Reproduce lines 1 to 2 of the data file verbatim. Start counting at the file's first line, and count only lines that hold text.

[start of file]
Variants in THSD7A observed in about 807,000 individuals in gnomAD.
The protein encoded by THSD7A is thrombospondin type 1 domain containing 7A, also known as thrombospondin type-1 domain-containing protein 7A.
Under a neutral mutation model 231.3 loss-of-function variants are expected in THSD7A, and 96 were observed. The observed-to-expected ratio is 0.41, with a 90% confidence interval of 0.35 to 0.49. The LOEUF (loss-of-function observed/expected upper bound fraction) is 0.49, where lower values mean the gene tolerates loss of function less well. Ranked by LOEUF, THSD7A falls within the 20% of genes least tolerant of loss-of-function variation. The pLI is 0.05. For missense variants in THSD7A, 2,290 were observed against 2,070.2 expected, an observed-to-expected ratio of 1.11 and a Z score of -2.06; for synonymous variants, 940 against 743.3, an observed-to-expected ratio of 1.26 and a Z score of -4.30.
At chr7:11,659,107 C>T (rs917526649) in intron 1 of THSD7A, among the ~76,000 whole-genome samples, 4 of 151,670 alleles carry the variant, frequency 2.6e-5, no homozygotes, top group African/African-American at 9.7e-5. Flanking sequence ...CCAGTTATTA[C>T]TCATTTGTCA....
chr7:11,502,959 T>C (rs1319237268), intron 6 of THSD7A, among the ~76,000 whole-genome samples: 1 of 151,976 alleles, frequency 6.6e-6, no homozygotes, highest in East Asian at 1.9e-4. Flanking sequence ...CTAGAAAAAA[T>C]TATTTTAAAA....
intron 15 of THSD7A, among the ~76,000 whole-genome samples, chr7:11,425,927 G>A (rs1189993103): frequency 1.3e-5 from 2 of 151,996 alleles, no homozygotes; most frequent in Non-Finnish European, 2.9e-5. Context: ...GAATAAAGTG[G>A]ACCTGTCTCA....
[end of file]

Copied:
Variants in THSD7A observed in about 807,000 individuals in gnomAD.
The protein encoded by THSD7A is thrombospondin type 1 domain containing 7A, also known as thrombospondin type-1 domain-containing protein 7A.